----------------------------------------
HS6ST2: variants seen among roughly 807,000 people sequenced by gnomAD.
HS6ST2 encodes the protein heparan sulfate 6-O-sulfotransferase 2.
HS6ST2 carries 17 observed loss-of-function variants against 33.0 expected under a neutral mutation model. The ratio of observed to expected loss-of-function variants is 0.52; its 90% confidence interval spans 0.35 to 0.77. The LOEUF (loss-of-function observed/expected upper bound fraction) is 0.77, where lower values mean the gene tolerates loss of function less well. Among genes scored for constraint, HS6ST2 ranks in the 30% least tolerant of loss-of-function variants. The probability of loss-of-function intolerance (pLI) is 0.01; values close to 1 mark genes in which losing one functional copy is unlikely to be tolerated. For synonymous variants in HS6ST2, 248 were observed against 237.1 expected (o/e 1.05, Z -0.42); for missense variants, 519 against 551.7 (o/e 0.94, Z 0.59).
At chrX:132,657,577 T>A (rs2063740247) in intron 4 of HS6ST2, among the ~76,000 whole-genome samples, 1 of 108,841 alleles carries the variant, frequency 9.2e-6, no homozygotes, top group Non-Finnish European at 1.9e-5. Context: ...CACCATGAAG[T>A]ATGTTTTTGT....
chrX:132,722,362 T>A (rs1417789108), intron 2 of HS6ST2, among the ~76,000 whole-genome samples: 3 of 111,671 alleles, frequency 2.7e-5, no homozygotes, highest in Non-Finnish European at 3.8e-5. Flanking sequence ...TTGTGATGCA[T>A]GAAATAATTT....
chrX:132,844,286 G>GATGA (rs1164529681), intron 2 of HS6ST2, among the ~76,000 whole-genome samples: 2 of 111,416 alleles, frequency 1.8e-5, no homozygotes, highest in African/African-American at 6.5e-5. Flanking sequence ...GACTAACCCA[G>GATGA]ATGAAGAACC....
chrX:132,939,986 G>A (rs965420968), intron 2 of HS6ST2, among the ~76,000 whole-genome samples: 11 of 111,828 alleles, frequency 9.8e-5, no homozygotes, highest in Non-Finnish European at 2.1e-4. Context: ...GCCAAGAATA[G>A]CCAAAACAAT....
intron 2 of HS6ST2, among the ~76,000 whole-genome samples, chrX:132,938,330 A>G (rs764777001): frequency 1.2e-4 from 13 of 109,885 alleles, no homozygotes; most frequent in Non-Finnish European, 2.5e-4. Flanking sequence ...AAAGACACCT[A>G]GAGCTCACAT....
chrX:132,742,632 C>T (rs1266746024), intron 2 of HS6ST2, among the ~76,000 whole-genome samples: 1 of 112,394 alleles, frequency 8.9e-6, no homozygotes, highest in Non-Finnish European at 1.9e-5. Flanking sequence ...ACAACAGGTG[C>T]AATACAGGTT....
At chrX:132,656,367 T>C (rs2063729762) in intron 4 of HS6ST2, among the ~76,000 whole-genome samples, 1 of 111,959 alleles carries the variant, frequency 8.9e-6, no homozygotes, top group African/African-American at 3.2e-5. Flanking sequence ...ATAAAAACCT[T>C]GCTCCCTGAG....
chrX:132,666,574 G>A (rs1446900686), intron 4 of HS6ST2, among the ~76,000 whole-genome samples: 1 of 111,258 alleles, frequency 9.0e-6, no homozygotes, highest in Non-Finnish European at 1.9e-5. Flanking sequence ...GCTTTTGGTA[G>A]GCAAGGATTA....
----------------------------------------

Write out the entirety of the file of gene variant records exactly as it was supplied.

HS6ST2: variants seen among roughly 807,000 people sequenced by gnomAD.
HS6ST2 encodes the protein heparan sulfate 6-O-sulfotransferase 2.
HS6ST2 carries 17 observed loss-of-function variants against 33.0 expected under a neutral mutation model. The ratio of observed to expected loss-of-function variants is 0.52; its 90% confidence interval spans 0.35 to 0.77. The LOEUF (loss-of-function observed/expected upper bound fraction) is 0.77, where lower values mean the gene tolerates loss of function less well. Among genes scored for constraint, HS6ST2 ranks in the 30% least tolerant of loss-of-function variants. The probability of loss-of-function intolerance (pLI) is 0.01; values close to 1 mark genes in which losing one functional copy is unlikely to be tolerated. For synonymous variants in HS6ST2, 248 were observed against 237.1 expected (o/e 1.05, Z -0.42); for missense variants, 519 against 551.7 (o/e 0.94, Z 0.59).
At chrX:132,657,577 T>A (rs2063740247) in intron 4 of HS6ST2, among the ~76,000 whole-genome samples, 1 of 108,841 alleles carries the variant, frequency 9.2e-6, no homozygotes, top group Non-Finnish European at 1.9e-5. Context: ...CACCATGAAG[T>A]ATGTTTTTGT....
chrX:132,722,362 T>A (rs1417789108), intron 2 of HS6ST2, among the ~76,000 whole-genome samples: 3 of 111,671 alleles, frequency 2.7e-5, no homozygotes, highest in Non-Finnish European at 3.8e-5. Flanking sequence ...TTGTGATGCA[T>A]GAAATAATTT....
chrX:132,844,286 G>GATGA (rs1164529681), intron 2 of HS6ST2, among the ~76,000 whole-genome samples: 2 of 111,416 alleles, frequency 1.8e-5, no homozygotes, highest in African/African-American at 6.5e-5. Flanking sequence ...GACTAACCCA[G>GATGA]ATGAAGAACC....
chrX:132,939,986 G>A (rs965420968), intron 2 of HS6ST2, among the ~76,000 whole-genome samples: 11 of 111,828 alleles, frequency 9.8e-5, no homozygotes, highest in Non-Finnish European at 2.1e-4. Context: ...GCCAAGAATA[G>A]CCAAAACAAT....
intron 2 of HS6ST2, among the ~76,000 whole-genome samples, chrX:132,938,330 A>G (rs764777001): frequency 1.2e-4 from 13 of 109,885 alleles, no homozygotes; most frequent in Non-Finnish European, 2.5e-4. Flanking sequence ...AAAGACACCT[A>G]GAGCTCACAT....
chrX:132,742,632 C>T (rs1266746024), intron 2 of HS6ST2, among the ~76,000 whole-genome samples: 1 of 112,394 alleles, frequency 8.9e-6, no homozygotes, highest in Non-Finnish European at 1.9e-5. Flanking sequence ...ACAACAGGTG[C>T]AATACAGGTT....
At chrX:132,656,367 T>C (rs2063729762) in intron 4 of HS6ST2, among the ~76,000 whole-genome samples, 1 of 111,959 alleles carries the variant, frequency 8.9e-6, no homozygotes, top group African/African-American at 3.2e-5. Flanking sequence ...ATAAAAACCT[T>C]GCTCCCTGAG....
chrX:132,666,574 G>A (rs1446900686), intron 4 of HS6ST2, among the ~76,000 whole-genome samples: 1 of 111,258 alleles, frequency 9.0e-6, no homozygotes, highest in Non-Finnish European at 1.9e-5. Flanking sequence ...GCTTTTGGTA[G>A]GCAAGGATTA....